The Empty Tomb

Reflections on the Readings for Sunday 8 April 2012

Acts 10:34a, 37-43; Psalm 118:1-2, 16-17, 22-23; Colossians 3:1-4; John 20:1-9

“This is the day the Lord has made; let us rejoice and be glad!” Every day is God’s and a new opportunity to celebrate life, but there is something special about Easter Sunday. Easter is at the heart of the Christian faith, it provides the lens through which we make sense of suffering and sorrow, gives us our reason for hope, tells us who we are, and gives us something of inestimable worth to offer to others. It is the upside-down day where life is found in the place of death, joy in the time of mourning. The rejected One is exalted. Life and love have the final word.

There are a number of sermons recorded in the book of Acts which give us the message proclaimed by the Early Church in a nutshell. Here Peter is proclaiming the Good News to Cornelius who, along with his household, was among the earliest Gentile ‘outsiders’ to be included in the people of God. Jesus’ life and his good works embodied God in the midst of God’s people. The Powers That Be tried to stamp out that life but God raised Jesus from the dead and gave to Christ’s followers the awesome task of proclaiming forgiveness, a restored relationship with God, to anyone who accepted God’s gift in Christ.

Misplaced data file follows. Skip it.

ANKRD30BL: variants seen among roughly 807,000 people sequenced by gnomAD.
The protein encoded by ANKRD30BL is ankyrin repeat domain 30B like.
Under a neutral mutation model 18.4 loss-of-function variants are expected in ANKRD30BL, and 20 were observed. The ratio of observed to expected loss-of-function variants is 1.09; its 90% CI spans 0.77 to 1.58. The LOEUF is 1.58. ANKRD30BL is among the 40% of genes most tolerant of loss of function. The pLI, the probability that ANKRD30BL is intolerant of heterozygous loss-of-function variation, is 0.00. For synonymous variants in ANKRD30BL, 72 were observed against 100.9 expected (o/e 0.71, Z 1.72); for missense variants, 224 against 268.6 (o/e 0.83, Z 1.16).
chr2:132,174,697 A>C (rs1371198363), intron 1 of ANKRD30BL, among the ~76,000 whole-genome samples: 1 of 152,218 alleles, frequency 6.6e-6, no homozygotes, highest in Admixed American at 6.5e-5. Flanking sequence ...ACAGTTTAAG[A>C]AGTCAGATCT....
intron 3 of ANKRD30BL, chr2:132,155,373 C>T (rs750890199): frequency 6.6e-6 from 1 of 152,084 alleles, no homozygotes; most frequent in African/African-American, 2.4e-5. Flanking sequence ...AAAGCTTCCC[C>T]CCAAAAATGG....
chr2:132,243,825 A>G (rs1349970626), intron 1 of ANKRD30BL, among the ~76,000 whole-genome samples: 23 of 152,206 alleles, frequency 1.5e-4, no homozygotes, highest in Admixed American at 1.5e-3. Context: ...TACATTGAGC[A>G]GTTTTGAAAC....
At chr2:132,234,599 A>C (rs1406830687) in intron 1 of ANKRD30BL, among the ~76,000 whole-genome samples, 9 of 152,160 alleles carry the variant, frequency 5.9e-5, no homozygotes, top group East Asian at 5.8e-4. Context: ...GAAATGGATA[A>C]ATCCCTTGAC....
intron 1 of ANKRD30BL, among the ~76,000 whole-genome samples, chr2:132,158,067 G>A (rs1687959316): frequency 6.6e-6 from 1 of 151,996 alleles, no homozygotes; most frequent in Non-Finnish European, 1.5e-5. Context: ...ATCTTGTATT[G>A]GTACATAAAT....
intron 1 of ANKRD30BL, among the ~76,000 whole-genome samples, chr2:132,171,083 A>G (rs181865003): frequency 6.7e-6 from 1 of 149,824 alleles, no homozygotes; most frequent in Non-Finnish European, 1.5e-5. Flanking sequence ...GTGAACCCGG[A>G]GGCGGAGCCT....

Paul reminds us that Easter was not just back then, it is here now. Christ’s death and resurrection in some mysterious way is our own death and resurrection. The Easter story isn’t just Jesus doing something on our behalf – it is a dying and rising to life in which we participate. I can’t say I quite understand it, but I love the image of our life being hidden with Christ in God. It is a reality which has not yet been made visible, but in the eternity of God I am curled up in the divine embrace, part of the divine life. The little deaths we experience now hurt deeply but they do not need to be feared, because the big death to which they point has already been experienced by Christ and transformed by resurrection. If we watch and listen closely, we may catch glimpses of that life in our present lived experience.

That is the power of the image of the empty tomb – it reminds us that where death should be we find the door open to new possibilities. Death does not have the final word. Violence cannot destroy life and love. Even if we do not yet understand what it is that we see, we can, like the beloved disciple, believe.


About Jessie Rogers

I'm a Scripture scholar and Godly Play practitioner living in Ireland.
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2 Responses to The Empty Tomb

  1. cathy says:

    Thanks Jessie, this post is particularly lovely and inspiring.

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